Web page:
1 EAGLETON NOTES: Human Family

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Saturday, 6 August 2016

Human Family

I heard this poem on the television this evening.  I'm not sure of the significance because I wasn't actually watching the television but just heard the words and Googled them. I had to share them.

Human Family

I note the obvious differences
in the human family.
Some of us are serious,
some thrive on comedy.

Some declare their lives are lived
as true profundity,
and others claim they really live
the real reality.

The variety of our skin tones
can confuse, bemuse, delight,
brown and pink and beige and purple,
tan and blue and white.

I've sailed upon the seven seas
and stopped in every land,
I've seen the wonders of the world
not yet one common man.

I know ten thousand women
called Jane and Mary Jane,
but I've not seen any two
who really were the same.

Mirror twins are different
although their features jibe,
and lovers think quite different thoughts
while lying side by side.

We love and lose in China,
we weep on England's moors,
and laugh and moan in Guinea,
and thrive on Spanish shores.

We seek success in Finland,
are born and die in Maine.
In minor ways we differ,
in major we're the same.

I note the obvious differences
between each sort and type,
but we are more alike, my friends,
than we are unalike.

We are more alike, my friends,
than we are unalike.

We are more alike, my friends,
than we are unalike.


You can listen to her reading this poem here.

  © by owner. provided at no charge for educational purposes

19 comments:

  1. That is an interesting poem, thank you for sharing it. And I concur GB. We forget that we have more in common than we would think. If only we could dispense with the judgment.

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  2. Wonderful, Graham....it's a pity the sentiments aren't shared by humans throughout the world...if they were it just could end up being a harmonious place. Wouldn't that be a dream come true?

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    1. Wouldn't it indeed Lee. Mind you I can think of some families which would be happier if they applied it within the family too.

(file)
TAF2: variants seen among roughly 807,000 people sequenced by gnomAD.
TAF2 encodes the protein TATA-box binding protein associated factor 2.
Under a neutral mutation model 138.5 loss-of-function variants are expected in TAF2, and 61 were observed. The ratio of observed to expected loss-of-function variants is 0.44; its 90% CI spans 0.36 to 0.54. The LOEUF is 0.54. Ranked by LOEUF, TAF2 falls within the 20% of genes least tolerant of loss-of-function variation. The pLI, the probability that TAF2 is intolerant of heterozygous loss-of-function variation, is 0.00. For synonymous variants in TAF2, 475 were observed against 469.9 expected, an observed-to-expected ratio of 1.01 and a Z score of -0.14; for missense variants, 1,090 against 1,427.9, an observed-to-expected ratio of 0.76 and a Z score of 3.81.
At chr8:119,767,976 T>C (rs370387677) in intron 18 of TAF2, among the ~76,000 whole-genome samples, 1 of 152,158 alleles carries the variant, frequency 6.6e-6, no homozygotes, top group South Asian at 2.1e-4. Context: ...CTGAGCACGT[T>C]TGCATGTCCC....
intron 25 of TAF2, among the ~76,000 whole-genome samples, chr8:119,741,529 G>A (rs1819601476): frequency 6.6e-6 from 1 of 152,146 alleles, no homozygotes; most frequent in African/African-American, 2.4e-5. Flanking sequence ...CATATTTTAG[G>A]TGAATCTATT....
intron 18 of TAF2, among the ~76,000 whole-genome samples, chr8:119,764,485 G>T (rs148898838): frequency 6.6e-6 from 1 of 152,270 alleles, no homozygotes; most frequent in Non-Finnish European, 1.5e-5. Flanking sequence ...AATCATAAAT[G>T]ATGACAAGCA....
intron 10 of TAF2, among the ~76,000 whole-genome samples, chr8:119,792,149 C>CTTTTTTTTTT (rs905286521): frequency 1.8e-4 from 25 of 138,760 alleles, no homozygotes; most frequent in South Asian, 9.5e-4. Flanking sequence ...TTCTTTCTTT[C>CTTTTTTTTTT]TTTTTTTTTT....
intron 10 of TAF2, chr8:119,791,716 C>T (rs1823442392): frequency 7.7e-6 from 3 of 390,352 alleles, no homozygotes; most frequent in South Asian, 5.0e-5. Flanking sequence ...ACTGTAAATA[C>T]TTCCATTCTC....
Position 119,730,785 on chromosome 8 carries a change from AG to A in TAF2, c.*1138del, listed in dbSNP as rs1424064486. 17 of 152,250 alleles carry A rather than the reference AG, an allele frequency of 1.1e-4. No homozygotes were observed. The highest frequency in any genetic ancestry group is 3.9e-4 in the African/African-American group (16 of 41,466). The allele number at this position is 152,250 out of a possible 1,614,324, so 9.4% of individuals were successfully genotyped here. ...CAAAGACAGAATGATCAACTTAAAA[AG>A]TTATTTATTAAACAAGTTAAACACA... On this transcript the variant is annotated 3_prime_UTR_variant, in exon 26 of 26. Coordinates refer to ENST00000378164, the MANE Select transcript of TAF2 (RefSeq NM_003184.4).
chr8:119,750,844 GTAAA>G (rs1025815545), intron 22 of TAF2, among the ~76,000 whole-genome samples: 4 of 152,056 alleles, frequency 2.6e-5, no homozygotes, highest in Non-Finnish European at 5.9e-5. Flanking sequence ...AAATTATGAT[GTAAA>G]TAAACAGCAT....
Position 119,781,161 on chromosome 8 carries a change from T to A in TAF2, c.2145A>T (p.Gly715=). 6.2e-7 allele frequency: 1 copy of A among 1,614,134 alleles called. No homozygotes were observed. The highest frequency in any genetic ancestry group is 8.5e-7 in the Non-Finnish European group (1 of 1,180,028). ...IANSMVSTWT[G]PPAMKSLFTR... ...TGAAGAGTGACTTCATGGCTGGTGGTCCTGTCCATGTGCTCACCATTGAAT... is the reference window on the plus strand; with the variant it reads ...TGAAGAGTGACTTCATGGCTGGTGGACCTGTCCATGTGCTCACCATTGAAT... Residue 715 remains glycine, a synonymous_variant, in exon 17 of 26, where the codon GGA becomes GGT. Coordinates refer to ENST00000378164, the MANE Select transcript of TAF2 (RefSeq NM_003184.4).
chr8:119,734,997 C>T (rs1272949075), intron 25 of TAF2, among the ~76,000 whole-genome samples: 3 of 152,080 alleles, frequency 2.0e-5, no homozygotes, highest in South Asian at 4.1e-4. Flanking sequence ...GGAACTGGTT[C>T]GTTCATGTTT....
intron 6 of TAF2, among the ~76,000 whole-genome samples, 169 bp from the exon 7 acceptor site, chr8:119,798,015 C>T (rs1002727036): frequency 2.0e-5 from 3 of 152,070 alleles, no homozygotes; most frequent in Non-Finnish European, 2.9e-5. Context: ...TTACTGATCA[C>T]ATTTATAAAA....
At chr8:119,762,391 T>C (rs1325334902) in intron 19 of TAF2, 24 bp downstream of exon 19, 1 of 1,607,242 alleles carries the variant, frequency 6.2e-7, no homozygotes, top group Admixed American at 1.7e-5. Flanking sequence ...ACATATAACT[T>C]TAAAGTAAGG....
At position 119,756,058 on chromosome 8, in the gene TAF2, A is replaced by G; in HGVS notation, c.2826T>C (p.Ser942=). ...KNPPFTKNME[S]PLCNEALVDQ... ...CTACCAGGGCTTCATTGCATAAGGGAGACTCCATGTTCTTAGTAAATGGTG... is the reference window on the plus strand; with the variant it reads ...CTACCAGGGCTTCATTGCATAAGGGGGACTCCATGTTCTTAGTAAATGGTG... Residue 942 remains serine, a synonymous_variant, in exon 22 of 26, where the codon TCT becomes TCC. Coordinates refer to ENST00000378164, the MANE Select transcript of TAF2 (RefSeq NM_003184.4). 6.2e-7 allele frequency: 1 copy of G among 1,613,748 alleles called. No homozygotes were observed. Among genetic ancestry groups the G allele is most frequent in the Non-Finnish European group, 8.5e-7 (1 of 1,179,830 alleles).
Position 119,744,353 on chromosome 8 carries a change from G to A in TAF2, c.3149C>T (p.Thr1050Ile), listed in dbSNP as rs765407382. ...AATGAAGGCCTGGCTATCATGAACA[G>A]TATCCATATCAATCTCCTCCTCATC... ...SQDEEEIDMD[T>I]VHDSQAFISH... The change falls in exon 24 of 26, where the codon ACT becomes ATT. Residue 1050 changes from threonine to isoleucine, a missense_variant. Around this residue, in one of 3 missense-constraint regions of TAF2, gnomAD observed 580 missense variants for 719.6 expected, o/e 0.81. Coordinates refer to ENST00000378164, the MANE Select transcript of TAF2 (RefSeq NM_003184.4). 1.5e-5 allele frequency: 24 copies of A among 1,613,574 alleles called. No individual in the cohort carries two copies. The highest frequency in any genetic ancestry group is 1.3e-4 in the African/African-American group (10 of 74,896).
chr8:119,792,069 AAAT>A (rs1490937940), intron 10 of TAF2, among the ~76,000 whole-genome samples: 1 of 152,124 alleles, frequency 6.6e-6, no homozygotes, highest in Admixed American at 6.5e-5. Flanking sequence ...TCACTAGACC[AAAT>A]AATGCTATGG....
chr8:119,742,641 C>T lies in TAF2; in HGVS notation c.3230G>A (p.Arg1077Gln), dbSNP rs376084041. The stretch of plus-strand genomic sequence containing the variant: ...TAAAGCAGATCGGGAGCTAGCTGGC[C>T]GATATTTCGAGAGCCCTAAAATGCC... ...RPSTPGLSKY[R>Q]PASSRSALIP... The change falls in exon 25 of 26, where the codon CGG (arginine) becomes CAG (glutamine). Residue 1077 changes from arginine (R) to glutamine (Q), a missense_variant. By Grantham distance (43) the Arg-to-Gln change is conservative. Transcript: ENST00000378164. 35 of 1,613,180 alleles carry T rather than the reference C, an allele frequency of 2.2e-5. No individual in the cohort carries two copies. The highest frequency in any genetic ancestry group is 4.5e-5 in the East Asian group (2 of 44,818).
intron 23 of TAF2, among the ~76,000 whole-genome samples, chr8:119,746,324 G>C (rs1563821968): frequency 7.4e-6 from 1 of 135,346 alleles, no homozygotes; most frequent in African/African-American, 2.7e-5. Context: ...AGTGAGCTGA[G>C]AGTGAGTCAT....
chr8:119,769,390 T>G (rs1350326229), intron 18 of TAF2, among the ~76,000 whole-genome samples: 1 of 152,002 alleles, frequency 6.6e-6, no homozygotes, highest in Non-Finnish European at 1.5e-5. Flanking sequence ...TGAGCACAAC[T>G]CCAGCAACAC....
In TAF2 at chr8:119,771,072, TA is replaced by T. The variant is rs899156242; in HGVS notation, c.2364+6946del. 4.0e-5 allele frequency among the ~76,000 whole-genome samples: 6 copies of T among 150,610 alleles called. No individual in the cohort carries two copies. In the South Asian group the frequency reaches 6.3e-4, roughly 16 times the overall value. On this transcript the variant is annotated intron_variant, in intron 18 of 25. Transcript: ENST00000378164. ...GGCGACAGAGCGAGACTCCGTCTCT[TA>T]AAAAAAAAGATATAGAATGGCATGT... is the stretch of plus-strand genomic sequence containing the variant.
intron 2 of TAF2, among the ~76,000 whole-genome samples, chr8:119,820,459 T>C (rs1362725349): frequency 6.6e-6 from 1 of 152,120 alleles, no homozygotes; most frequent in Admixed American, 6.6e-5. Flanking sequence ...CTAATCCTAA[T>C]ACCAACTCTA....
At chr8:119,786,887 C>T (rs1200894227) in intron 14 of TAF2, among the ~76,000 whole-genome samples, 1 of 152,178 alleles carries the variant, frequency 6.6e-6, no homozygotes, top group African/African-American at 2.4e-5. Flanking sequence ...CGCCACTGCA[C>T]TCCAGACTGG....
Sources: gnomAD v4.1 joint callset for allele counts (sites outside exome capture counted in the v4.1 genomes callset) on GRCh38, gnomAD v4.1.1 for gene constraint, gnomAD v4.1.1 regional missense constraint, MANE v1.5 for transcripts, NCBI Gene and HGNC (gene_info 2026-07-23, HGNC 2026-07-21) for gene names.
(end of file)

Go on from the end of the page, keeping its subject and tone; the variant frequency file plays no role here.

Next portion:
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  3. Thanks, Graham. I have just today shared a wonderful moment with a total stranger I was sitting beside at a funeral. As I looked down into my lap to swallow my emotion I saw a tear drop from his eye onto his lap and when his fossick around in his pocket came up empty, I handed him my tissue. He used it to swipe at his face, then took my hand and held it. You don't have to know people to have a common grief. If only we could join so easily with people at other times.

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    1. Another example of your natural empathy with your fellow man Pauline.

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  4. I like and enjoy the sentiments expressed here.
    In real life I can be a horror. The folk here give as good as they get as I'm about to find out in a while when I set about patching the grain auger tube. The grief and criticism I will be exposed to. I love it the crack helps the job along.

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    1. PS. I am safe as Andrew has cuckooed replacing an injector in the gen set. What a plonker and he a time served diesel fitter.

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  5. We do indeed have plenty in common, but for some, what divides us seems unsurmountable. To be honest, I sometimes think that, too - when I hear or read about cruelty to other humans and to animals, I wonder whether these people are really of the same species as I am.
    The poem is wonderful and it should become compulsive reading in schools. On the other hand, that could have the opposite effect... such things at school are often rejected by the students, simply because they HAVE to read it or learn it.